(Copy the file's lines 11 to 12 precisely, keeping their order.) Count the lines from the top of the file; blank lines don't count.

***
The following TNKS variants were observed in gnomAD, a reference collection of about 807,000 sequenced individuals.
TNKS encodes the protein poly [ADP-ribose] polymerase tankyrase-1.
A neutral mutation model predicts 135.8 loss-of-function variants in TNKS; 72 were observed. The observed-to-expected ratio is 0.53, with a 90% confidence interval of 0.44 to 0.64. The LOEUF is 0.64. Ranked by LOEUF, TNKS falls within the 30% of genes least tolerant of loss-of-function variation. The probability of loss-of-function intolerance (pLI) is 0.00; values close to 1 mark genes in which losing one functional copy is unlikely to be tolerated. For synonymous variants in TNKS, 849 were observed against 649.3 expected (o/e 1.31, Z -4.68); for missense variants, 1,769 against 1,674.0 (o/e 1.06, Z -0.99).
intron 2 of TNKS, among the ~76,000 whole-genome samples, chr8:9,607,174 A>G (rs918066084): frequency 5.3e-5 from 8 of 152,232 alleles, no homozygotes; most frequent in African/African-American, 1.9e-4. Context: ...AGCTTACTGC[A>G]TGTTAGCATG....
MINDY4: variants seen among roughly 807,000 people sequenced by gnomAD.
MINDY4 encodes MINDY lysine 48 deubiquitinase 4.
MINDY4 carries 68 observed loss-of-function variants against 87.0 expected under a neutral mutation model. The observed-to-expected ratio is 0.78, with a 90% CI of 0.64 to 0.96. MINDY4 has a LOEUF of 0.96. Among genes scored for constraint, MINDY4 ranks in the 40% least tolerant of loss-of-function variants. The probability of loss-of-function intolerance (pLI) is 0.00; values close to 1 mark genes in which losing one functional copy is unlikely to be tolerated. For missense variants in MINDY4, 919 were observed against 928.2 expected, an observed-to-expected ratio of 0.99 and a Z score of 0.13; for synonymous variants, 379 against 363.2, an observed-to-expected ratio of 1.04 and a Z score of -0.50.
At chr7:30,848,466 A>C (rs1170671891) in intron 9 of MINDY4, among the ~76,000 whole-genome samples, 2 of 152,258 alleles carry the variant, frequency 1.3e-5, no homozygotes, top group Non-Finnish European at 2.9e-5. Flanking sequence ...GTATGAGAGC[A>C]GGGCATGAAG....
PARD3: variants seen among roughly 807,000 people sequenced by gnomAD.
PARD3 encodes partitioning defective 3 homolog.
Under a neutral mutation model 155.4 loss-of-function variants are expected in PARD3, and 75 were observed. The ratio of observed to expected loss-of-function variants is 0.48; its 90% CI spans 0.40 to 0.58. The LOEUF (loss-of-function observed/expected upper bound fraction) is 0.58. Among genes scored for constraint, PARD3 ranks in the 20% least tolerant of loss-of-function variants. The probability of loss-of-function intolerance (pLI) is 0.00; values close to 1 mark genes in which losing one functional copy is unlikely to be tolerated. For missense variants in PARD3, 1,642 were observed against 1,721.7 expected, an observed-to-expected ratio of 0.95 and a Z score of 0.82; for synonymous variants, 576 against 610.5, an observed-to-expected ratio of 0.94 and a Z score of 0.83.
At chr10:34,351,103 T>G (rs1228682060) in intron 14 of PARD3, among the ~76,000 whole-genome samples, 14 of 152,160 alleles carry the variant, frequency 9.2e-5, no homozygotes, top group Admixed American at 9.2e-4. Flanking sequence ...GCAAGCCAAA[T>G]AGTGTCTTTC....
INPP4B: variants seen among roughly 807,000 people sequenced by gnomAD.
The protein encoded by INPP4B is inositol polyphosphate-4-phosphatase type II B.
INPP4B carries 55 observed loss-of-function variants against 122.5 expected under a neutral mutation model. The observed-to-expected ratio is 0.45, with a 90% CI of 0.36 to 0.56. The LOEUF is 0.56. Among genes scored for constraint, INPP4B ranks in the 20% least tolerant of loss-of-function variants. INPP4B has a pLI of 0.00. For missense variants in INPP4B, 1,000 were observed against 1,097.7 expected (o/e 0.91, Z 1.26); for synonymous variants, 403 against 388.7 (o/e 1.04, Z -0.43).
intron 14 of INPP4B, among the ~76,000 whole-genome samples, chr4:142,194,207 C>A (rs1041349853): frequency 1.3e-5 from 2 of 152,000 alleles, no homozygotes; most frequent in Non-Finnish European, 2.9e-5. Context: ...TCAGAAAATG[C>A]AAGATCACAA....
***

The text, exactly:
Under a neutral mutation model 155.4 loss-of-function variants are expected in PARD3, and 75 were observed. The ratio of observed to expected loss-of-function variants is 0.48; its 90% CI spans 0.40 to 0.58. The LOEUF (loss-of-function observed/expected upper bound fraction) is 0.58. Among genes scored for constraint, PARD3 ranks in the 20% least tolerant of loss-of-function variants. The probability of loss-of-function intolerance (pLI) is 0.00; values close to 1 mark genes in which losing one functional copy is unlikely to be tolerated. For missense variants in PARD3, 1,642 were observed against 1,721.7 expected, an observed-to-expected ratio of 0.95 and a Z score of 0.82; for synonymous variants, 576 against 610.5, an observed-to-expected ratio of 0.94 and a Z score of 0.83.
At chr10:34,351,103 T>G (rs1228682060) in intron 14 of PARD3, among the ~76,000 whole-genome samples, 14 of 152,160 alleles carry the variant, frequency 9.2e-5, no homozygotes, top group Admixed American at 9.2e-4. Flanking sequence ...GCAAGCCAAA[T>G]AGTGTCTTTC....